Tag Archives: The Artist’s Way

Finding Balance – A Daily Task

In Christina Katz’s ezine, The Prosperous Writer, she writes on the 52 Qualities of just that – prosperous writers. This week, she focused on balance.

The word balance pops up everywhere these days — in posts (like this one from Allison Winn Scotch) about negotiating social networking around writing time and in essays (like Sayantani Dasgupta’s) about the plight of the mother-writer.

Balance, for me, equals writing longevity.

Sure, like many others, I juggle writing with parenthood, a day job, my marriage. Toss in time spent browsing Twitter, reading blogs, and thumbing through the pages of a good book. All of a sudden, I look up and see a cluster of balls suspended in the air, and I duck for cover.

In my eyes, juggling is organized chaos. Balance works more like a swinging pendulum.

At one end, I am stuck, not writing: there isn’t enough time, I don’t know what I want to say, I’ll never get published so what’s the point.

Sometimes the pendulum swings to the other end and drops me, head first, into writing. Like a maniac, stay up until the wee hours of the morning, punt on housework and sometimes dinner, ignore the phone because I am busy – writing.

At either end of the spectrum, I don’t function well. When I am not writing at all, I am miserable. When I am writing non-stop, I am self-indulgent and easily irritated when anyone or anything disrupts my flow. And, I am miserable.

What I have learned, is that balance is critical. Not only for my mental and emotional well-being, but for my writing career. If I am off balance, I am either on the verge of “quitting this whole business of writing” because I’ll never be good enough. Or, I am writing so hard that I am sucking the life out of my muse. Then I find myself on the verge of “quitting this whole business of writing” because I’ll never find the time I need to write well.

I love writing, and I need it. But, I also need times without writing to rejuvenate my creativity, to nurture the relationships with the people around me, and to remember what is important in life.

Finding that balance between life and writing is a daily pursuit.

Things that send the pendulum into high swing (and how I bring it back):

  1. Discouraging news about the publishing world or the writing life. I skim these articles or essays. Because, regardless of what’s happening in the publishing world, I love (and live) to write.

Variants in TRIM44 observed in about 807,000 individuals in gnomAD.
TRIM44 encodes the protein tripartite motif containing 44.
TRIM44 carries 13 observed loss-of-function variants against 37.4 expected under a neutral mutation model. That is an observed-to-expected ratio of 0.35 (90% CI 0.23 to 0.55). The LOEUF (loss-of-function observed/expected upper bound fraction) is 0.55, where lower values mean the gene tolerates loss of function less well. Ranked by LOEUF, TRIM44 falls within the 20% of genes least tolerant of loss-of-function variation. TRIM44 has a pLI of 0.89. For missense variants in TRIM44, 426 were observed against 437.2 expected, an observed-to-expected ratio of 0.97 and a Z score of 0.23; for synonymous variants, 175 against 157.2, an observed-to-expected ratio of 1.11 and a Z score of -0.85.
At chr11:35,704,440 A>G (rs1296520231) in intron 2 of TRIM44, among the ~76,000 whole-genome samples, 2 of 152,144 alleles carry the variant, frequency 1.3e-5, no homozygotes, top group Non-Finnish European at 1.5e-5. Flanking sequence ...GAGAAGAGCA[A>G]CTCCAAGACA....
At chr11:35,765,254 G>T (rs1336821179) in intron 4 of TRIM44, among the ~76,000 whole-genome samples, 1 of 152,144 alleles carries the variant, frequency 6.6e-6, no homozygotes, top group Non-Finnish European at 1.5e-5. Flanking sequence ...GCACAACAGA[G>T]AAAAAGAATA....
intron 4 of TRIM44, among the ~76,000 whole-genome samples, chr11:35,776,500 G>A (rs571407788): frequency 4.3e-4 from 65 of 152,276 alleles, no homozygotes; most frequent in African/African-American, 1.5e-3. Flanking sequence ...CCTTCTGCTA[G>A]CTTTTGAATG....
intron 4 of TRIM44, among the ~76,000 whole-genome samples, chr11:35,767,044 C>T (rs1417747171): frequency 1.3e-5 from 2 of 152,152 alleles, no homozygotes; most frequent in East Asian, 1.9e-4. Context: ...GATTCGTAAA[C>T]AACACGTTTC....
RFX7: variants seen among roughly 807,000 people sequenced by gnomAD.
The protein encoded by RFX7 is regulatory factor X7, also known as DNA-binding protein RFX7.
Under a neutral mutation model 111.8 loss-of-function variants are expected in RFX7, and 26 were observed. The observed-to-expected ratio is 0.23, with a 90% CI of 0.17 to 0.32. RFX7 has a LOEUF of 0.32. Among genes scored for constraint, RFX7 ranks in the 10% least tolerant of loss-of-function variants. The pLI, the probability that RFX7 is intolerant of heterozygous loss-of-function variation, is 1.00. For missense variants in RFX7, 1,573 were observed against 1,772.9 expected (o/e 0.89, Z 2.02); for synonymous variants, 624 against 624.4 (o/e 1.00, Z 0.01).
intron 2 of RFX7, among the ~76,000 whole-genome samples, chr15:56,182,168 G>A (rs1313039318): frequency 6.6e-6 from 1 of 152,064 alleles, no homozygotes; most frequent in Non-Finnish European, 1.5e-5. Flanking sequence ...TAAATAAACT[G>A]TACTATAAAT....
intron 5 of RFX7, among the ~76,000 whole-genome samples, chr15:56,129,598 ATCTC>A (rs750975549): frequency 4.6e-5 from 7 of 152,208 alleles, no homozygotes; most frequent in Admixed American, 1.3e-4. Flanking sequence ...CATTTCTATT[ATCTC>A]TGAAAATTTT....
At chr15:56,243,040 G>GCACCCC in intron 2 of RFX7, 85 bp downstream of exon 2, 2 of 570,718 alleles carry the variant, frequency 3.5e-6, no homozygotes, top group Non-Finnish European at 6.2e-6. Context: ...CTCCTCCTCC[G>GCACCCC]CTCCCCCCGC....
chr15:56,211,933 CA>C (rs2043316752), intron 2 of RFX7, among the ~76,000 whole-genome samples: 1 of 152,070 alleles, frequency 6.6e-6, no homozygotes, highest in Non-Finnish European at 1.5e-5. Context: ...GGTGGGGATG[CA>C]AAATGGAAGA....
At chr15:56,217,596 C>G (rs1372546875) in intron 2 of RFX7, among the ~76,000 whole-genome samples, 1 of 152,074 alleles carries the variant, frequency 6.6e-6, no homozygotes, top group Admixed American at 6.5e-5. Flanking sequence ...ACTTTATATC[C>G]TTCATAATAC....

2. Flat responses from friends or family when I talk about writing. Jody Hedlund wrote a great post about this the other day. Some people will just never understand the writing life. My best bet is to find safe people with whom to talk about writing, and plan coffee dates as often as possible.
  3. Forcing a story. Occasionally, I think I have to submit something to a particular place or literary magazine, because, well…they put a call out for submissions. I don’t want to miss my chance. But, that kind of motivation leads to manic writing — hovering over my laptop in a corner, looking like a feminized version of Mr. Hyde.

Things that keep the pendulum close to center:

  1. Posts from writers, like this one from Aimée Laine, that talk about keeping expectations and goals manageable. And, books like Julia Cameron’s The Artist’s Way, that suggest weekly artist’s dates: time away from your craft of choice (writing, painting, etc.) to rejuvenate, to refuel, and to return with fresh eyes and a fresh spirit.
  2. An email from an editor that says, Hey, we love your piece and we want to include it in our next issue. After reading that kind of email, I can take a break from writing and indulge in life’s goodness for a while. No, this doesn’t happen as often as I would like, but when it does, I definitely feel close to center.
  3. Trust in a Power greater than myself. Spirituality surrounds every writer. Whether you call it your muse, your genius, or God, something guides us. My job is to take the actions set in front of me: write when it’s time to write, play when it’s time to play, read when it’s time to read. I am not in charge of the results.

I am not in charge. Phew! If I remember that on a daily basis, balance is surprisingly easy to achieve.

What does balance look like to you?


Knit One, Purl Two, Write 500.

For the next several weeks, I’ll be wishing I had four hands: two to write, two to knit.

With Christmas just around the corner, I am behind – again – on my  gift schedule. This year I have yet to rewrite my list four or five times (whether for neatness or edits). But, with a whole afternoon to myself today, I shopped anyway.